By Jennifer Browning
PORT-AU-PRINCE–The rain poured at 4 a.m. as three Project Medishare volunteers drove to Miami International Airport for their 7:10 flight to Haiti. There was much to do before 14 more members of the surgical team arrived on Saturday and this early flight was just the beginning.
As part of Project Medishare’s Specialty Surgery Program Miami Children’s Hospital neurosurgeons and nurses are volunteering this weekend in Haiti’s capitol to perform surgeries for those children who have been diagnosed with hydrocephalus, a congenital disease that affects 2 out of every 1000 births. For this surgical trip, Project Medishare has partnered with Haiti’s Ministry of Health and Healing Hands, the only organization in Haiti that deals with the disabled.
In most places, hydrocephalus is diagnosed shortly after birth, a somewhat simple operation allows a child a greater chance at a normal life. Unfortunately, this is rare in Haiti; instead when undetected, the cerebrospinal fluid (CSF) that flows normally through a healthy baby is blocked or unabsorbed. When this happens, the fluid creates pressure on the brain causing swelling, severe damage and eventually death.
Twenty-three children will be operated on in the next three days. In preparation for these surgeries, Surgical Trip Organizer Ann McNeil along with Carolyn Domina and Sharon Udy-Janczuk met with Haitian nurses who will be assisting in post-operative care. Then there were the logistics to look after: setting up cribs, making sure the operating room was ready, finding out how and where the instruments would be sterilized, and making sure the boxes of equipment were properly placed. Afterwards, surgery candidates heads were measured to detect any growth since the team’s assessment in September.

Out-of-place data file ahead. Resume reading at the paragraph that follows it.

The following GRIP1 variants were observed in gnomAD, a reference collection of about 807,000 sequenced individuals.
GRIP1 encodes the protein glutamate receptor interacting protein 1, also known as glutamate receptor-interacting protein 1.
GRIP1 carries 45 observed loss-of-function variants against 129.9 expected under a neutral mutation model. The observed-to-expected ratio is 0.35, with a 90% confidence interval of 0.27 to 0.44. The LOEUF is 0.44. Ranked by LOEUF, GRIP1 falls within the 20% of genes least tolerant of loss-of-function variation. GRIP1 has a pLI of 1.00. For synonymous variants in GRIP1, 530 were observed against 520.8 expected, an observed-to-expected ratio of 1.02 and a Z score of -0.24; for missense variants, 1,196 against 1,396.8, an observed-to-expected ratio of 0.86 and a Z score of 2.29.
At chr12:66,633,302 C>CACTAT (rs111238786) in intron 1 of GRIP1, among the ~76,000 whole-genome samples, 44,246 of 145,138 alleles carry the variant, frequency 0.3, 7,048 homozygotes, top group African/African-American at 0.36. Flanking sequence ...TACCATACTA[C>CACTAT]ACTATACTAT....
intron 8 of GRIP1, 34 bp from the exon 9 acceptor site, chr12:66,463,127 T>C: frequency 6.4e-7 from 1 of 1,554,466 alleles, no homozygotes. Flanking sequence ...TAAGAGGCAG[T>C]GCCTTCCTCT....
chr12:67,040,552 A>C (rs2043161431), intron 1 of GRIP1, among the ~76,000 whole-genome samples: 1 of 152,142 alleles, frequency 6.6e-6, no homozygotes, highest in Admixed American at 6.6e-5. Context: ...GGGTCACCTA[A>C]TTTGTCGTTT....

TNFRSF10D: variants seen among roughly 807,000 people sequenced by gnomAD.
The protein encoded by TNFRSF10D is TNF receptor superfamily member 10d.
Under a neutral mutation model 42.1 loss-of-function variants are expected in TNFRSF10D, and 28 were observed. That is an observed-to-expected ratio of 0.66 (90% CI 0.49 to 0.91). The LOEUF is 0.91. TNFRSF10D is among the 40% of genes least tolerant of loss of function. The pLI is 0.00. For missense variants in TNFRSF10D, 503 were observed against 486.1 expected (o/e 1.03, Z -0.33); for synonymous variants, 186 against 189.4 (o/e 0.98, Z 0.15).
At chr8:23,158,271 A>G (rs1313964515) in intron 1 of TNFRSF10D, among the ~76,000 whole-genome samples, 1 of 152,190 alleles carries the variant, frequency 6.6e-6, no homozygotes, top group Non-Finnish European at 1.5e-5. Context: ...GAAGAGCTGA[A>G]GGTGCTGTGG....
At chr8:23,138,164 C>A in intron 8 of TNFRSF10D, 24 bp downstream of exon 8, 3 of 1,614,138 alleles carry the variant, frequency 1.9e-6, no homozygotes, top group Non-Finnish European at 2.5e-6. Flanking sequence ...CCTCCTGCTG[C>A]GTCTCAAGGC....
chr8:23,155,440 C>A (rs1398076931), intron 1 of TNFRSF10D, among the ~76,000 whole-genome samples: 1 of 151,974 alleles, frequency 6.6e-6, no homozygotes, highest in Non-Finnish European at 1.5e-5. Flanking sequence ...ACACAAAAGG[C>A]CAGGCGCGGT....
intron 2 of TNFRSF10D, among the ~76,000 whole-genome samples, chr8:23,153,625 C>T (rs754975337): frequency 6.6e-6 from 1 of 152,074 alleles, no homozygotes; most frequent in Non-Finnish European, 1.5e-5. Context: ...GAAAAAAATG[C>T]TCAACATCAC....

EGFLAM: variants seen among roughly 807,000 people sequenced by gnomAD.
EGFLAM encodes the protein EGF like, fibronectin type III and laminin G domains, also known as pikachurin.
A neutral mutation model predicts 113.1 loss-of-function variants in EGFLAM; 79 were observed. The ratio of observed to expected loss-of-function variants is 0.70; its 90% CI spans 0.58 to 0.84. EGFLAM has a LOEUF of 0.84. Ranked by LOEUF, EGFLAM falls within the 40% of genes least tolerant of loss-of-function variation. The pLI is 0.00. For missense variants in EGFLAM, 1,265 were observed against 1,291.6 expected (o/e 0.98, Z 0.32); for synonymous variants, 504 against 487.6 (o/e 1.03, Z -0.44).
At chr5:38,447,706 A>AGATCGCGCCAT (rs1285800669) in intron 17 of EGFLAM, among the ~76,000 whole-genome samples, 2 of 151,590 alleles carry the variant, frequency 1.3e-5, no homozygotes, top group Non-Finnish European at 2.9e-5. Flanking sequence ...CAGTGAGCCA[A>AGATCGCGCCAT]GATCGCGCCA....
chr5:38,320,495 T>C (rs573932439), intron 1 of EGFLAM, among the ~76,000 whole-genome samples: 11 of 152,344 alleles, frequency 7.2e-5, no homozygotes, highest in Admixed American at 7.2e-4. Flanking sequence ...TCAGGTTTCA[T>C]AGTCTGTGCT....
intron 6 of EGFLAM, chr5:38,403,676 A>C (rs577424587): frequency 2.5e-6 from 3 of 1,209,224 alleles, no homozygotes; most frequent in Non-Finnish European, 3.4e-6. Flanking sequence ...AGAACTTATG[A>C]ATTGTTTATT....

Tomorrow the surgical team arrives in Port-au-Prince on the 8:15 a.m. flight. By noon they will begin the surgeries scheduled for the afternoon. Six children will have vetriculostomy surgery performed by the surgical team lead by pediatric neurosurgeons Dr. Ragheb and Dr. Bhatia. The procedure allows for the cerebrospinal fluid to escape relieving pressure on the child’s brain.
The procedure does not reduce the size of the child’s head, but the head will stop getting larger. Eventually, the child grows and the abnormal large appearance of the head isn’t noticeable anymore.
The key to the hydrocephalus situation in places like Haiti is detection. The children with larger heads, who have suffered from the condition longer, have more developmental delays. If hyrdrocephalus is diagnosed early and is not complicated by other medical conditions (such as meningitis) then the developmental delays are less. These children can eventually go on to school and be productive members of society and that is one of the many hopes and goals Project Medishare has during this surgical trip.